Wolfgang Amadeus Mozart: Fantasie in c-moll KV 475 (Vienna 1775) mit frei hinzukomponierter Begleitung eines zweiten Klaviers von Edvard Grieg (1843-1907) 4 5 Adagio-Allegro-Andantino- Più Allegro-Tempo primo Mozart’s Fantasia for Piano in C minor K 475 was composed the year after the C minor sonata K 457. The 1785 Fantasia nonetheless later came to be regarded as a large-scale introduction to the sonata. Due to its harmonic complexity it is one of the most advanced works in Mozart’s output. There is a direct line from Johann Sebastian Bach’s Chromatische Fantasie via the “free fantasias” of his son Carl Philipp Emanuel Bach to Mozart’s Fantasia, which points on further. It is therefore perhaps not so surprising that Grieg developed a particular interest in the harmonic refinement which characterises the work. Grieg himself was very satisfied with the four Mozart sonatas and the C minor Fantasia which he arranged in 1876/77, but the music critics did not share his enthusiasm for his work. The influential Swedish music critic and historian Karl Adolf Lindgren, one of the founders of the periodical Svensk musiktidning, wrote in 1886 “Grieg’s setting of Mozart’s Fantasia for Piano in C minor is a joke, a part norwegianisation of Mozart, for whose music a true musician should show more respect.” This puritan attitude has stood firm, with only a few exceptions, right up to our own time, attributing to Grieg opinions on Mozart he did not have. Not only did Grieg have the greatest respect for Mozart, whom he called his “immortal master and childhood love”; he was also so highly knowledgeable about Mozart’s style and idiom that he managed to create a work which evokes admiration and gives the listener great pleasure.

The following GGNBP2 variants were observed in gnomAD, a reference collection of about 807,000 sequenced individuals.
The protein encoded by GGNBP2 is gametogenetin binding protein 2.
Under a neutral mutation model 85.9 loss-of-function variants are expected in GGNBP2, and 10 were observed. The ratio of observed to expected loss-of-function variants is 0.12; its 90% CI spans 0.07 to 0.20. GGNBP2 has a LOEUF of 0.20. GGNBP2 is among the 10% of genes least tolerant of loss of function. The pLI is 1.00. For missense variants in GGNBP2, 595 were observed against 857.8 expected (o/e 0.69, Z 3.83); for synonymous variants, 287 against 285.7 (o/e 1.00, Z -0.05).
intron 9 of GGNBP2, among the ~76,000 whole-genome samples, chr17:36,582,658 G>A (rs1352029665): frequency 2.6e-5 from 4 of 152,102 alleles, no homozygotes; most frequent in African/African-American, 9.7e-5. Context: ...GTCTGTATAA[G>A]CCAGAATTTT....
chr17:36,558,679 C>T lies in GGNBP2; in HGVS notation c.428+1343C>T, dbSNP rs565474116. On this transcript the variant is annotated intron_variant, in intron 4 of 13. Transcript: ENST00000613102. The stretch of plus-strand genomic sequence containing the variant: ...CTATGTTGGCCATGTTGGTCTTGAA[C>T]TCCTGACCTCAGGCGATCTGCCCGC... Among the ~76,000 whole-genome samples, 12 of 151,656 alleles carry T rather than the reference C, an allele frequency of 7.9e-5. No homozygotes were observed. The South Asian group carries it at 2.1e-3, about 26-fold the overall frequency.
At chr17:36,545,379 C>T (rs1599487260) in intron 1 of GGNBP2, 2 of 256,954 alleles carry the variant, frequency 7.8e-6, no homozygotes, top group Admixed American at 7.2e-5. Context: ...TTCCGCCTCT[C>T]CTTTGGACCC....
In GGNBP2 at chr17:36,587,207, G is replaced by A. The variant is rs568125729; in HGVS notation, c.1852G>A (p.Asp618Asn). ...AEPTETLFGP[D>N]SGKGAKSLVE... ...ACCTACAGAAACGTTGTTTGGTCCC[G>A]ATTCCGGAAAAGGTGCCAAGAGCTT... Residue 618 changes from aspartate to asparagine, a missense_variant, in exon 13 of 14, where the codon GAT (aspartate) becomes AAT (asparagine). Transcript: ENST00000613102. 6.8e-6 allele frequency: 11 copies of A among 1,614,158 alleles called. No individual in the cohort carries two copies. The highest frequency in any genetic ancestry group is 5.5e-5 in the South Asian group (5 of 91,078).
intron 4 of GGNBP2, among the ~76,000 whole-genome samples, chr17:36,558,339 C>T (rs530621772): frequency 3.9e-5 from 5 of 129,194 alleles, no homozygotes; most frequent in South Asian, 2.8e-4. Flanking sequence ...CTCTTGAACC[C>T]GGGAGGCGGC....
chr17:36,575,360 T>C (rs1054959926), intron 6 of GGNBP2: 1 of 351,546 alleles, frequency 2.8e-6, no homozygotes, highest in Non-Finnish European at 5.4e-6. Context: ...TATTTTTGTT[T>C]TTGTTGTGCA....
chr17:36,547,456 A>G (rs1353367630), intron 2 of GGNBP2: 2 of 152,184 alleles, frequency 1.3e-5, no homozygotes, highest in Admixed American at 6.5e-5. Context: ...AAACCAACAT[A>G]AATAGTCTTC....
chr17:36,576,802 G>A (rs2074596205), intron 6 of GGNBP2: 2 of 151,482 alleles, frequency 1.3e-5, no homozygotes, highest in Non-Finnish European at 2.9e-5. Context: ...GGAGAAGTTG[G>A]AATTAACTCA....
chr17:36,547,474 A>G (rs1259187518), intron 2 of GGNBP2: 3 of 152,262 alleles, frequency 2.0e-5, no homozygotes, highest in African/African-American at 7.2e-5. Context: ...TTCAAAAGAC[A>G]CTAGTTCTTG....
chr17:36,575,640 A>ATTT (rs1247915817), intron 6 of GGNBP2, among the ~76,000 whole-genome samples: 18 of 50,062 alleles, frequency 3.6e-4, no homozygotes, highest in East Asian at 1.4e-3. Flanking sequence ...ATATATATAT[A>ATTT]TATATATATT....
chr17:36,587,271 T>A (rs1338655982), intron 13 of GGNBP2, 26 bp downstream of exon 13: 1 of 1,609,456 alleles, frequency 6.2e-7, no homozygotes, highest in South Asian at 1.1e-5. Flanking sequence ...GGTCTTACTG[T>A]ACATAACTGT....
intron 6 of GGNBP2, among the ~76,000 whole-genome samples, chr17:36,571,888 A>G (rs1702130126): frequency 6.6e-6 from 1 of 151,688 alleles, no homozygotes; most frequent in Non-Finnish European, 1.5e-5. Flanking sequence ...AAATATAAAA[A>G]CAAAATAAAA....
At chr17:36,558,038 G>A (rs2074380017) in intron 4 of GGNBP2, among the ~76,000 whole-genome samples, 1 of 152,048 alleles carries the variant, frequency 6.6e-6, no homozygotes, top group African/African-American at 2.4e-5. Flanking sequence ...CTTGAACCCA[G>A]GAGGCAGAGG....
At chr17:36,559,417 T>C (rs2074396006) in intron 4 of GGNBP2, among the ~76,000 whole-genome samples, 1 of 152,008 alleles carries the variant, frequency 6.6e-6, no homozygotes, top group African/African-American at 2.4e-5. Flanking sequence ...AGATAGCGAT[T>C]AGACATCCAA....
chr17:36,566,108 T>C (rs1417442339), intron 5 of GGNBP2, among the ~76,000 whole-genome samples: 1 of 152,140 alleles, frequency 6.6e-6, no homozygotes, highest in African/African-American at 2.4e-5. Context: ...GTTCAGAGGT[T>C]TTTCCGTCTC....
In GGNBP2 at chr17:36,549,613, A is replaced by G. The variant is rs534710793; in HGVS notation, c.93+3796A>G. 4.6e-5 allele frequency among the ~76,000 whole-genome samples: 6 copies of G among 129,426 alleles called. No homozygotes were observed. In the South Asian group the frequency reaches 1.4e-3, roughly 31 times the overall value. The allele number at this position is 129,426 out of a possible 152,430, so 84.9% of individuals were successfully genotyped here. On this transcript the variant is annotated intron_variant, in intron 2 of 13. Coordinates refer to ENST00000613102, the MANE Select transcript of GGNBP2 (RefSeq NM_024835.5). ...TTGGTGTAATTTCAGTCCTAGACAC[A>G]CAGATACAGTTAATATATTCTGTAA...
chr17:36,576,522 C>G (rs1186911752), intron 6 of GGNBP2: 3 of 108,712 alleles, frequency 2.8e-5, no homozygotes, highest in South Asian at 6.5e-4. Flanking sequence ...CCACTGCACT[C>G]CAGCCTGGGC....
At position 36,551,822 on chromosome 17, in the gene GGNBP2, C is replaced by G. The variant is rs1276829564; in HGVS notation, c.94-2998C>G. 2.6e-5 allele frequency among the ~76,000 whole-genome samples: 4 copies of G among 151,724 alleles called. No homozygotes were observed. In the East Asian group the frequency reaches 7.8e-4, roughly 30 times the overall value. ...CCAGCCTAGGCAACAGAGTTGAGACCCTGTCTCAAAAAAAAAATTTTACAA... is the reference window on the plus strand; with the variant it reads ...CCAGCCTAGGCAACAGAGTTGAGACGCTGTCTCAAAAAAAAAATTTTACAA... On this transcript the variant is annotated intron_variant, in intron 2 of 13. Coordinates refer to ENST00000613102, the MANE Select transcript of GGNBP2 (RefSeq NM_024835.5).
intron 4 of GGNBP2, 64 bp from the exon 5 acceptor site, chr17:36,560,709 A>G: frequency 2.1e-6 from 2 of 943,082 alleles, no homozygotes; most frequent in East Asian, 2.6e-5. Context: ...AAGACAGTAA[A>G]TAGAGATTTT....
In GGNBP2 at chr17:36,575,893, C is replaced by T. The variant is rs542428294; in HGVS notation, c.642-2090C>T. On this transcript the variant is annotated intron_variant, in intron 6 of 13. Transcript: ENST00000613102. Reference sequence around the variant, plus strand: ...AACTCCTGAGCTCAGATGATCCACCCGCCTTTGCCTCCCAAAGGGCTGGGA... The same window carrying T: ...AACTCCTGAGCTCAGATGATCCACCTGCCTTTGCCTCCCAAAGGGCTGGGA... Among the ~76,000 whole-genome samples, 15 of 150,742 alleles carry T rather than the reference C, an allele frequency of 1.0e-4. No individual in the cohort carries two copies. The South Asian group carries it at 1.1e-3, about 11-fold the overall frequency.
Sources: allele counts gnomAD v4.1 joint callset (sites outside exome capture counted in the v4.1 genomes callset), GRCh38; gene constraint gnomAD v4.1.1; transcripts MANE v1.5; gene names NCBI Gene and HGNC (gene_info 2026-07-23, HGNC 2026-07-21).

Edvard Grieg (1843-1907): Altnorwegische Romanze mit Variationen für zwei Klaviere op. 51 (Troldhaugen 1890) 6 7 Old Norwegian melody with variations op. 51 is closely associated with the longstanding friendship between Grieg and the German-Dutch pianist and composer Julius Röntgen. On several occasions the two had performed Grieg’s Mozart arrangements for two pianos in concert, and the Old Norwegian melody was composed with the intention of giving them something new to perform. The work is dedicated to the French composer Benjamin Godard, a great admirer of Grieg’s music who endeavoured to make the Norwegian composer’s works more widely known among the students at the Paris conservatoire. He ensured that many of Grieg’s pieces were played in the chamber music class and wrote in a letter to Grieg that the students loved his compositions. It is therefore not improbable that, after his stay in Paris in 1889, Grieg calculated that a dedication would help his reputation in France. Grieg composed the work in 1890 during an extended period living at his home at Troldhaugen. The theme on which the fourteen variations are based is the folk tune “Sjugur og Trollbrura” from Hallingdal. Old Norwegian melody is composed as a set of character variations in which each variation develops and explores the theme in dramatic and expressive ways, continually transforming it and presenting it in a new light. A characteristic feature of the work is that Grieg deliberately borrows stylistic elements from other composers. We clearly hear how he refers to the musical language of Schubert, Mendelssohn, Schumann, Liszt, Brahms, Saint-Saëns and Mussorgsky; Grieg even mentions this in correspondence with Röntgen. In conjunction with plans to give a series of recitals in Holland Grieg writes to Röntgen on 9 September 1893: “Whether I can come to Amsterdam seems to me to be more than uncertain. Playing the Liszt variation in your living room – that would be quite something!” Grieg was referring to the fifth variation, entitled “Maestoso”. One could similarly name the other variations after composers. The thirteenth, for example, which is in the form of a wienerländler, might have been named after Schubert. In the course of the fourteen variations the melody goes through a form of metamorphosis; in the finale Grieg presents the theme in long, solemn notevalues as a fifteenth variation. At the end he allows the music to stop almost completely, quoting the theme once again, this time in its original form, albeit with an entirely different harmonisation. Instead of using the same late romantic, dissonant style he has applied throughout the rest of the work, Grieg reduces the harmonic progression to a simple series of triads. It would seem as if his idea was to draw inspiration from an early compositional style and transform the Norwegian folk tune into a renaissance chorale.